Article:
Soon after, I started researching the matter online at Het Utrechts Archief for old pictures of the city’s past, and these pictures moved me to set my hand to creating my own illustrated booklet, telling the story of how Utrecht Central Station came to be what it is today.
If you can read Dutch, you’ll understand the average Utrechter’s raw anger at the destruction of their neighborhoods for the building of the HC. The cartoon illustration even implies they should go ahead and knock down the Dom while they’re at it.
I researched what it looked like before then, and then took another step back, and yet another step back to see how it has evolved over the years – all the way to the very first station in 1843 when the railways were new. The booklet is called “Utrecht Centraal: Illustrated Stories of Continuous Reconstruction through the Years” and will be published here as part of a short series documenting the evolution of Utrecht CS through the years.
Vollenga , D. (2013, April 22). Geschiedenis Stationsgebied. Centraal Utrecht hva [Web log]. Retrieved from: http://centraalutrechthva.blogspot.nl/2013/04/geschiedenis-stationsgebied.html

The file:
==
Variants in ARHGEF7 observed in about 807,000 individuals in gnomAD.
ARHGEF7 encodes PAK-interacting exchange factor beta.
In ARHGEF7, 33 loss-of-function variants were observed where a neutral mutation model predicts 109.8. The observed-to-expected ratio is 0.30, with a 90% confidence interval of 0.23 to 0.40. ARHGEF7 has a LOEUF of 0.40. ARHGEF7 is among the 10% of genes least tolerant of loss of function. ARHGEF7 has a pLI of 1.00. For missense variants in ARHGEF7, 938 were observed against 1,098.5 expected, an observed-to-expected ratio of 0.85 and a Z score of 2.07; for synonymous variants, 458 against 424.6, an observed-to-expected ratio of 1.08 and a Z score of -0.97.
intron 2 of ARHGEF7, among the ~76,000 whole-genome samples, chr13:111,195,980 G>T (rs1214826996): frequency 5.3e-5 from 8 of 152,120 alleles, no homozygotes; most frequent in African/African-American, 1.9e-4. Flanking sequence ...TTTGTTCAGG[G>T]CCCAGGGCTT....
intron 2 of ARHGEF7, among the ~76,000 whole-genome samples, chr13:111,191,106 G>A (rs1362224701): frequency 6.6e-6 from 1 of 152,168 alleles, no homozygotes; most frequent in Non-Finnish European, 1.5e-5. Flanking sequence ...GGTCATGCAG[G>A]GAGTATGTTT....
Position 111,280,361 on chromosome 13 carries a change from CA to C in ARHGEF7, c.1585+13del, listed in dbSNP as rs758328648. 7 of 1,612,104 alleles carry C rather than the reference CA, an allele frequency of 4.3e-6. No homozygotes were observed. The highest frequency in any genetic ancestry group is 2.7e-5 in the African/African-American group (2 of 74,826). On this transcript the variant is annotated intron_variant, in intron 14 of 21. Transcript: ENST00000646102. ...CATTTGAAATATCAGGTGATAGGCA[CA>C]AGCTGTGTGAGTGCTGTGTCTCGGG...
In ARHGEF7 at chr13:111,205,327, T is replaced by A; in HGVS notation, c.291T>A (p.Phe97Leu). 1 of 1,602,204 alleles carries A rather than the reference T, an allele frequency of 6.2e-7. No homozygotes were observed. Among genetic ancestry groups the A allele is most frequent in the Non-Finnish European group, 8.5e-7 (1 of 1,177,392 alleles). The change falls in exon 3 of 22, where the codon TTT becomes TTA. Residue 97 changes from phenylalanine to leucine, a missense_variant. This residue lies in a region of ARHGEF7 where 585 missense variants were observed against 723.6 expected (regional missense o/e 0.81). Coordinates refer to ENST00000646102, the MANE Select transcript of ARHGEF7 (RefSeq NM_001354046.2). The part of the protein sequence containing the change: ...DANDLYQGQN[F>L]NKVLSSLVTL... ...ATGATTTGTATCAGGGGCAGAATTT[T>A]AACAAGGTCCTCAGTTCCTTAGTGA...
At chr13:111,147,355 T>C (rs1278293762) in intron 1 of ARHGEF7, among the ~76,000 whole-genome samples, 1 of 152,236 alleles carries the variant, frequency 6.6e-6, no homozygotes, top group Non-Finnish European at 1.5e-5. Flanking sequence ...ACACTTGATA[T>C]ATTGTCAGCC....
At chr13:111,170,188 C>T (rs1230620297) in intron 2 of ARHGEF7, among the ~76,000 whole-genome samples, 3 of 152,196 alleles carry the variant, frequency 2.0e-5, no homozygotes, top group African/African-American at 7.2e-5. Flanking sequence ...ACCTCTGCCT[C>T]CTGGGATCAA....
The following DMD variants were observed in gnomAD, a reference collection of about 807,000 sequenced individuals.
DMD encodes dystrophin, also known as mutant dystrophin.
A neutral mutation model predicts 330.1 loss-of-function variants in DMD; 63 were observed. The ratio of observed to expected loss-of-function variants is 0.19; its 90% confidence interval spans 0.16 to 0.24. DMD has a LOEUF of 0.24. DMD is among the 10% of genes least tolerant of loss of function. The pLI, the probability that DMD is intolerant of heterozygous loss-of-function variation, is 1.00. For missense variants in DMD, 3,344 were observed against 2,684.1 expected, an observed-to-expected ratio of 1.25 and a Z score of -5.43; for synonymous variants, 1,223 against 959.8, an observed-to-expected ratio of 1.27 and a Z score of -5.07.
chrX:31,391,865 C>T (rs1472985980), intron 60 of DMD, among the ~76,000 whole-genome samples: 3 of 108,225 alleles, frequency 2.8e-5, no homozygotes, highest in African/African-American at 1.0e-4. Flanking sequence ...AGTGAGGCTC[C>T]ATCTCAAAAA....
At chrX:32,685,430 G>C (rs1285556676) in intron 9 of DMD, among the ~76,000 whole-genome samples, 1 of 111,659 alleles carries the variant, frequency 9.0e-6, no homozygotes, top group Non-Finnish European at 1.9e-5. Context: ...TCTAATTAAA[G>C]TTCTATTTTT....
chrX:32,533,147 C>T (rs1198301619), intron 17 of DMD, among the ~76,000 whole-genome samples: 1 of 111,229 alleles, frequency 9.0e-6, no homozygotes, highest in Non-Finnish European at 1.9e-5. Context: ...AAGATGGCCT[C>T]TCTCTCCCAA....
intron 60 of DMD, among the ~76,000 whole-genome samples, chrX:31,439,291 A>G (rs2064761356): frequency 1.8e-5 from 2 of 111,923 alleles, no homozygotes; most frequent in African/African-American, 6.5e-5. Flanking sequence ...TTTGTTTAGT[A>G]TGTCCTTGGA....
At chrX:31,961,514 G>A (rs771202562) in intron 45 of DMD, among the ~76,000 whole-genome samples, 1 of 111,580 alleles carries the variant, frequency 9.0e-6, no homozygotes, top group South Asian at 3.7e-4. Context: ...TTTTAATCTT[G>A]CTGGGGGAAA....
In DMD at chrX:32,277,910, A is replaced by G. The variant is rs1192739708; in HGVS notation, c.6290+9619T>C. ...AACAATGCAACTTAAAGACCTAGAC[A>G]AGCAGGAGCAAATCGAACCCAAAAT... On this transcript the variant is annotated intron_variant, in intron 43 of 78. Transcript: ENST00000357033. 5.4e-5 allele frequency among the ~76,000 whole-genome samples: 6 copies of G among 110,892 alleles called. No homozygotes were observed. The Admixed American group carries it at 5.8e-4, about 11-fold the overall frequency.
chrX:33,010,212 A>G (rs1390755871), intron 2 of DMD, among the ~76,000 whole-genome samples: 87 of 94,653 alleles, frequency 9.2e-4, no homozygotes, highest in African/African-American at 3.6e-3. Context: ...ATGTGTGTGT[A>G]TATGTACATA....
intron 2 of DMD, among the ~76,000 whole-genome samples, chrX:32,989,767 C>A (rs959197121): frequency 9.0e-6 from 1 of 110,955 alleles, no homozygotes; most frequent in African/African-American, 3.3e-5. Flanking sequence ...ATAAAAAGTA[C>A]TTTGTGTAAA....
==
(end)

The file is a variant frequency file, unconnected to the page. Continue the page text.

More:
Lize, J. (2013). Klassenstrijd in Utrecht. Zeist: IsGeschiedenis.nl. Retrieved from:
“Utrecht Centraal: Illustrated Stories of Continuous Reconstruction through the Years” by Bethany Bartran, 2015
As part of a short series documenting the evolution of Utrecht CS through the years, local artist Bethany Bartran researched all the way to the very first station in 1843 when the railways were new – and created a mini-booklet called “Utrecht Centraal: Illustrated Stories of Continuous Reconstruction through the Years”.